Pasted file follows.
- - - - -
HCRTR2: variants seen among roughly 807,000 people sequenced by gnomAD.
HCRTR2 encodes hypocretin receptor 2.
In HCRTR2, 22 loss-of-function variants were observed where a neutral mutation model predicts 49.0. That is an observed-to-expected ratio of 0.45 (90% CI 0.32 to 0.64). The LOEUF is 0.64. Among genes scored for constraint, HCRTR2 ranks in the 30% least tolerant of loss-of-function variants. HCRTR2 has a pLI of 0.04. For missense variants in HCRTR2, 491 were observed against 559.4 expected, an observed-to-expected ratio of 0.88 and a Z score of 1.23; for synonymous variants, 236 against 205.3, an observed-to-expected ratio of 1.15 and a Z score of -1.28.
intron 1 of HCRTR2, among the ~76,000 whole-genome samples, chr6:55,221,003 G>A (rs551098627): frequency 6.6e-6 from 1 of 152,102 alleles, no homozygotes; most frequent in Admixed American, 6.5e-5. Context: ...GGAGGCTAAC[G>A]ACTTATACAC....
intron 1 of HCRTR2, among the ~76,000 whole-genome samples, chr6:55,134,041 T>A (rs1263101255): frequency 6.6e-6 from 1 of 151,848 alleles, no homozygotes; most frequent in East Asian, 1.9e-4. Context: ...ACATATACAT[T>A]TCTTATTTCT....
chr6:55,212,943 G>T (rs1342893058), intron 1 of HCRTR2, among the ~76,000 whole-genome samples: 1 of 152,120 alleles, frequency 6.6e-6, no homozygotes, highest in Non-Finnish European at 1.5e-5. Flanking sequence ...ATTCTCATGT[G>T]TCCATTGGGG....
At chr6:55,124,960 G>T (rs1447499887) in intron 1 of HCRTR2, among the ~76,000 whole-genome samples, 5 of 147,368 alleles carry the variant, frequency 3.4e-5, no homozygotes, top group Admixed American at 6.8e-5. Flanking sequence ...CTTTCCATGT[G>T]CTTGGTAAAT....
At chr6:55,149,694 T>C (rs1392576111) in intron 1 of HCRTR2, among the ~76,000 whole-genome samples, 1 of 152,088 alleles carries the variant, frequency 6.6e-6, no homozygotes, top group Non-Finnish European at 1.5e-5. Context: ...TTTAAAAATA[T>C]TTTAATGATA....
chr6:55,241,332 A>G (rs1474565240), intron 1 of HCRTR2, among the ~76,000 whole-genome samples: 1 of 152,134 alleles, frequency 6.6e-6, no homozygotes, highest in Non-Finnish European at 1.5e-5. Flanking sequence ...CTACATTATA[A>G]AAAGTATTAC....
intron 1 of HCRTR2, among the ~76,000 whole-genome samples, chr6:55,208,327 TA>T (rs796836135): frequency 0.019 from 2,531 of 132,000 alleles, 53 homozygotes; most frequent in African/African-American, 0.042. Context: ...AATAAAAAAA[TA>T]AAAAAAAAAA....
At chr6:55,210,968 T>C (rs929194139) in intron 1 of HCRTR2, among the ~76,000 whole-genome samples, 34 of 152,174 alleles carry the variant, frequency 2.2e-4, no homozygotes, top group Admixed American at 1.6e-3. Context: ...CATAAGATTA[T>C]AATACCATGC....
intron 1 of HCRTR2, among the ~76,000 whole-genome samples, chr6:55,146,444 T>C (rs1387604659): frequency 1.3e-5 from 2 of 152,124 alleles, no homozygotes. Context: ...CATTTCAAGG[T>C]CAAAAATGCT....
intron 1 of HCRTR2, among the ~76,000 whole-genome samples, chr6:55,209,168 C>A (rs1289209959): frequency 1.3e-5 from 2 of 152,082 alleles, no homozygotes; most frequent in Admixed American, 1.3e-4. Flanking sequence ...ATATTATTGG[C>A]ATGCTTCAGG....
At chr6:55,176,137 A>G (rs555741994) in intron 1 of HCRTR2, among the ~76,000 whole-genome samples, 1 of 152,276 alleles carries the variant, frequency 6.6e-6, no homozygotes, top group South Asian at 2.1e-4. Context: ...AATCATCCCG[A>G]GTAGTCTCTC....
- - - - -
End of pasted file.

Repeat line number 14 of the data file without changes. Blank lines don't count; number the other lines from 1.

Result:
At chr6:55,176,137 A>G (rs555741994) in intron 1 of HCRTR2, among the ~76,000 whole-genome samples, 1 of 152,276 alleles carries the variant, frequency 6.6e-6, no homozygotes, top group South Asian at 2.1e-4. Context: ...AATCATCCCG[A>G]GTAGTCTCTC....